Some of these bugs have security implications; they can be exploited to do harm, for example, by exposing sensitive information to attackers. As systems become larger and more interconnected (as they inevitably do), the number of bugs, and our exposure to exploitable vulnerabilities, only increases. In other words, every computer, every smartphone, every piece of software is delivered to the user with a plethora of hidden security flaws preinstalled. We just haven’t found them yet.

Over time, of course, these vulnerabilities get discovered and used against users. The only viable protection is to fix them as soon as they’re found. That’s where the vendors’ software update mechanisms come into play. The most important updates quietly repair newly discovered security flaws that have already been, or will soon be, used to attack end users.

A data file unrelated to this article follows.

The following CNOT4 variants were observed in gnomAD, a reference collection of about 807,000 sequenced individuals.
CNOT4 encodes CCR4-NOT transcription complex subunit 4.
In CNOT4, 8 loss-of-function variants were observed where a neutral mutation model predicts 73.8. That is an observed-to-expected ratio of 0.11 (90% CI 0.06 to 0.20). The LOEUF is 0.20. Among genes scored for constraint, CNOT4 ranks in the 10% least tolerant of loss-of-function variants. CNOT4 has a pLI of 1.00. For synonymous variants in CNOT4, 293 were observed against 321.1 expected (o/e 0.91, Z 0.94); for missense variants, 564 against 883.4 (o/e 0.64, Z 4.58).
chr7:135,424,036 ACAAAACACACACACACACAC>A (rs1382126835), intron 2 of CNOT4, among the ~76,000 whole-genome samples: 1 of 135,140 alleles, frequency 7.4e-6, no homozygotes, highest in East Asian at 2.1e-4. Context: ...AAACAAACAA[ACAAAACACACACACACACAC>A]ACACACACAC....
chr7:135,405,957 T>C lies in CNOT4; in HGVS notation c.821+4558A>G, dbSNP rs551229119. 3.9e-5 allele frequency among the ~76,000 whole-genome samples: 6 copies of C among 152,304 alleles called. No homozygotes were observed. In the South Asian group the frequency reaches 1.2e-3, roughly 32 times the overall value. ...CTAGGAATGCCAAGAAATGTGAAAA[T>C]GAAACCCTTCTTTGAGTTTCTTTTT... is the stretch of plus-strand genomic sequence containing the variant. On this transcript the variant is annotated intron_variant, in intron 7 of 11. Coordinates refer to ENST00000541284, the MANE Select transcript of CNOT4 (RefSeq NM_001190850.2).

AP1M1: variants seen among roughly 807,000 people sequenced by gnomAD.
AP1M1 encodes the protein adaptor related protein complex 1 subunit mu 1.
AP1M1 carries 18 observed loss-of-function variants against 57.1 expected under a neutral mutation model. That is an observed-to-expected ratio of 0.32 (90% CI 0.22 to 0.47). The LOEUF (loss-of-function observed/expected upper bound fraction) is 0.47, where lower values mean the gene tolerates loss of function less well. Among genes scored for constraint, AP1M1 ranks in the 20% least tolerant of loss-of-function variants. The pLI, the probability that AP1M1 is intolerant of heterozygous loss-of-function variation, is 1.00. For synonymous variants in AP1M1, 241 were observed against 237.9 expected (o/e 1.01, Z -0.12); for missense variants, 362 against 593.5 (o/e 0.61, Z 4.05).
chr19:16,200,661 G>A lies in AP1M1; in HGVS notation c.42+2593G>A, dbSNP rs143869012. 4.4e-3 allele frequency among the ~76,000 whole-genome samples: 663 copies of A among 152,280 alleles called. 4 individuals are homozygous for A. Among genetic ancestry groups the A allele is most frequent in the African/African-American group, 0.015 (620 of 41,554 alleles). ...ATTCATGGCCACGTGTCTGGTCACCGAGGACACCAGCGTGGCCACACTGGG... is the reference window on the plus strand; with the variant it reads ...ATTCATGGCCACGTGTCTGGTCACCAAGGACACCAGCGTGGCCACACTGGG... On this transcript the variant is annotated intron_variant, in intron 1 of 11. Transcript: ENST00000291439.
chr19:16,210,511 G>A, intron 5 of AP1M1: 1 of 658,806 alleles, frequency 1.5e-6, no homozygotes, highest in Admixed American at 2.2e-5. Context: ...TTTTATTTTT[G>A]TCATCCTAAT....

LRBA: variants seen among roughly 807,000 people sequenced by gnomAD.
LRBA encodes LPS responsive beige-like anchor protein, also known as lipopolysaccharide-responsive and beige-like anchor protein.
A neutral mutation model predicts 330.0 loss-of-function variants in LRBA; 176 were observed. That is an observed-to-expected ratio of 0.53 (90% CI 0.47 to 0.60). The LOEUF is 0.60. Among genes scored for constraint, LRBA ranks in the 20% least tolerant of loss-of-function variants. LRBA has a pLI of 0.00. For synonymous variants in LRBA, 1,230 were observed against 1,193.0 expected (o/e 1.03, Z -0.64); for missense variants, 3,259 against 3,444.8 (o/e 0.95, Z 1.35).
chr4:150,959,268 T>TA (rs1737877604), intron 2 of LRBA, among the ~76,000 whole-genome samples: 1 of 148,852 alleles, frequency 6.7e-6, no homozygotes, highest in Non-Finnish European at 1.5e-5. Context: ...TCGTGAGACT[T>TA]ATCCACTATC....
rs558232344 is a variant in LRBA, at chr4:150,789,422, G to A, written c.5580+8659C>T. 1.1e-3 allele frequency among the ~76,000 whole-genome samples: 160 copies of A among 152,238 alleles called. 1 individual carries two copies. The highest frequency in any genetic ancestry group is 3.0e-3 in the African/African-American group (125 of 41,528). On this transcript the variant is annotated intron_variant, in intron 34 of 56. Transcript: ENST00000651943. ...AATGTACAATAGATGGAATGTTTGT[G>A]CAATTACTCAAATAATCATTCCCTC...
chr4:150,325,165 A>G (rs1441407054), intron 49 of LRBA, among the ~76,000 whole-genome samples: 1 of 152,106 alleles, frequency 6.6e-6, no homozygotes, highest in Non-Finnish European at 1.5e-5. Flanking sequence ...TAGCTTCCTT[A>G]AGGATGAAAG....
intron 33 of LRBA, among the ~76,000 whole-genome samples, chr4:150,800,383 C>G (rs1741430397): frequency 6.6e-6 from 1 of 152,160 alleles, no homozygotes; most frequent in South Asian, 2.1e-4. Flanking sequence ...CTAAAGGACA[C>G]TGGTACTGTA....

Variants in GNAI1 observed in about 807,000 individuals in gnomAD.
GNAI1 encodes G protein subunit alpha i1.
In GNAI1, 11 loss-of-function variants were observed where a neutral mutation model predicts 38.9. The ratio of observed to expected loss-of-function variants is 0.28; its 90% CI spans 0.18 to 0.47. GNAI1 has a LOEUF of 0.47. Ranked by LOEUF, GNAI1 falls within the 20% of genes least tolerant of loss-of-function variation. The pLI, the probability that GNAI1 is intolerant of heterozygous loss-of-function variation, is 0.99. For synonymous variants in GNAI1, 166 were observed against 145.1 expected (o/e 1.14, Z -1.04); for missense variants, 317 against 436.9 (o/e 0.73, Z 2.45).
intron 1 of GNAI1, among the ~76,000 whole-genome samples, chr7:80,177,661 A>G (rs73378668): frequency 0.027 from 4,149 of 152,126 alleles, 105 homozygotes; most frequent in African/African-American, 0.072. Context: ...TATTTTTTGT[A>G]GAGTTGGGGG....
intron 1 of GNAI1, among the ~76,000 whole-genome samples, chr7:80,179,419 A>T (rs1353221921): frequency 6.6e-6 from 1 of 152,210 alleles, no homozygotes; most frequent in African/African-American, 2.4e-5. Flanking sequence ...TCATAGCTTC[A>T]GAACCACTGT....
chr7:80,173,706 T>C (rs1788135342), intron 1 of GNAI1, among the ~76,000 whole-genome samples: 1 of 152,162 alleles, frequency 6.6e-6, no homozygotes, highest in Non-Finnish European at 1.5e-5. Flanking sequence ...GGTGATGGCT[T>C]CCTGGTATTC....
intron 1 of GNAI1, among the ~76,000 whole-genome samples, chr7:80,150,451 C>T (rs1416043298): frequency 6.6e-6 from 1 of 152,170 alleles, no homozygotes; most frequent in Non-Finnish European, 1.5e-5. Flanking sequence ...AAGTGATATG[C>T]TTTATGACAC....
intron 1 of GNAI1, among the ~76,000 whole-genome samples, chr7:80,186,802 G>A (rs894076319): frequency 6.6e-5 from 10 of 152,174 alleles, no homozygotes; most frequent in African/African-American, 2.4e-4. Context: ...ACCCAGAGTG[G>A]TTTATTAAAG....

In other words, security in the modern internet can be understood as something of an ecosystem, where survival depends on continually adapting to protect against ever-evolving new threats. Vendor software updates, applied at regular intervals, are, for better or worse, the only large-scale method we have for adapting our defenses. Those who fail to update become prominently attractive targets, with their computers succumbing to automated attacks that might do anything from steal personal information to installing “ransomware” that holds important files hostage until payment is made. As the “Internet of Things” puts connectivity (and complex software) in everything from home security systems to light bulbs, the consequences of these attacks, and the need for regular software updates to prevent them, will only grow.